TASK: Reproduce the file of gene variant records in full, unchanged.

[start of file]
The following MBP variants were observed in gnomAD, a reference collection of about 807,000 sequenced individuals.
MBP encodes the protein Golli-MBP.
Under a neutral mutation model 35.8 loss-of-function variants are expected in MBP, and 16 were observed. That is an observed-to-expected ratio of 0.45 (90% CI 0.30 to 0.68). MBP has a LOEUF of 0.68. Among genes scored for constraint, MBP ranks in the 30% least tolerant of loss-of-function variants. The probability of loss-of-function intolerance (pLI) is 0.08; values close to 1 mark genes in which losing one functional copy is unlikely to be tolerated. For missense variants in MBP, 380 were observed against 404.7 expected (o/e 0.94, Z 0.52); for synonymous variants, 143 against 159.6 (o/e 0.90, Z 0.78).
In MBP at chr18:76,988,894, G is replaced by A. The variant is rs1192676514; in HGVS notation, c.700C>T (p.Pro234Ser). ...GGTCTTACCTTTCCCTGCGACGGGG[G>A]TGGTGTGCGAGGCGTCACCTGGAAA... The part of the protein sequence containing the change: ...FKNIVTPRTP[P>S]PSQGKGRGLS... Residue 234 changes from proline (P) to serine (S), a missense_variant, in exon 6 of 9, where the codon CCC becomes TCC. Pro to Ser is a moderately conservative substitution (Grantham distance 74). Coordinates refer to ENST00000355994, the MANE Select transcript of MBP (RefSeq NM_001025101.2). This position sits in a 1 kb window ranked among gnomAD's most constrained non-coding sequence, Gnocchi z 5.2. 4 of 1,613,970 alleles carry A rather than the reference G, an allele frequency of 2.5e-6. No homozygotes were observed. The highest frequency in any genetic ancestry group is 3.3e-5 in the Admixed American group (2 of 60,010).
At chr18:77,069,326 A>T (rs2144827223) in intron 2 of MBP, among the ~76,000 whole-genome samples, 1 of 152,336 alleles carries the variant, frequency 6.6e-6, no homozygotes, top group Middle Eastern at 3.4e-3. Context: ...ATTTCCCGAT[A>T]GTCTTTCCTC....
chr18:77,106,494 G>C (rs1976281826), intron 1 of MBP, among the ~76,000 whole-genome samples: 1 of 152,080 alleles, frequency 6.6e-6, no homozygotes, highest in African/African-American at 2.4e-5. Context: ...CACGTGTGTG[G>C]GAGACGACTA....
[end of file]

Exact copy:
The following MBP variants were observed in gnomAD, a reference collection of about 807,000 sequenced individuals.
MBP encodes the protein Golli-MBP.
Under a neutral mutation model 35.8 loss-of-function variants are expected in MBP, and 16 were observed. That is an observed-to-expected ratio of 0.45 (90% CI 0.30 to 0.68). MBP has a LOEUF of 0.68. Among genes scored for constraint, MBP ranks in the 30% least tolerant of loss-of-function variants. The probability of loss-of-function intolerance (pLI) is 0.08; values close to 1 mark genes in which losing one functional copy is unlikely to be tolerated. For missense variants in MBP, 380 were observed against 404.7 expected (o/e 0.94, Z 0.52); for synonymous variants, 143 against 159.6 (o/e 0.90, Z 0.78).
In MBP at chr18:76,988,894, G is replaced by A. The variant is rs1192676514; in HGVS notation, c.700C>T (p.Pro234Ser). ...GGTCTTACCTTTCCCTGCGACGGGG[G>A]TGGTGTGCGAGGCGTCACCTGGAAA... The part of the protein sequence containing the change: ...FKNIVTPRTP[P>S]PSQGKGRGLS... Residue 234 changes from proline (P) to serine (S), a missense_variant, in exon 6 of 9, where the codon CCC becomes TCC. Pro to Ser is a moderately conservative substitution (Grantham distance 74). Coordinates refer to ENST00000355994, the MANE Select transcript of MBP (RefSeq NM_001025101.2). This position sits in a 1 kb window ranked among gnomAD's most constrained non-coding sequence, Gnocchi z 5.2. 4 of 1,613,970 alleles carry A rather than the reference G, an allele frequency of 2.5e-6. No homozygotes were observed. The highest frequency in any genetic ancestry group is 3.3e-5 in the Admixed American group (2 of 60,010).
At chr18:77,069,326 A>T (rs2144827223) in intron 2 of MBP, among the ~76,000 whole-genome samples, 1 of 152,336 alleles carries the variant, frequency 6.6e-6, no homozygotes, top group Middle Eastern at 3.4e-3. Context: ...ATTTCCCGAT[A>T]GTCTTTCCTC....
chr18:77,106,494 G>C (rs1976281826), intron 1 of MBP, among the ~76,000 whole-genome samples: 1 of 152,080 alleles, frequency 6.6e-6, no homozygotes, highest in African/African-American at 2.4e-5. Context: ...CACGTGTGTG[G>C]GAGACGACTA....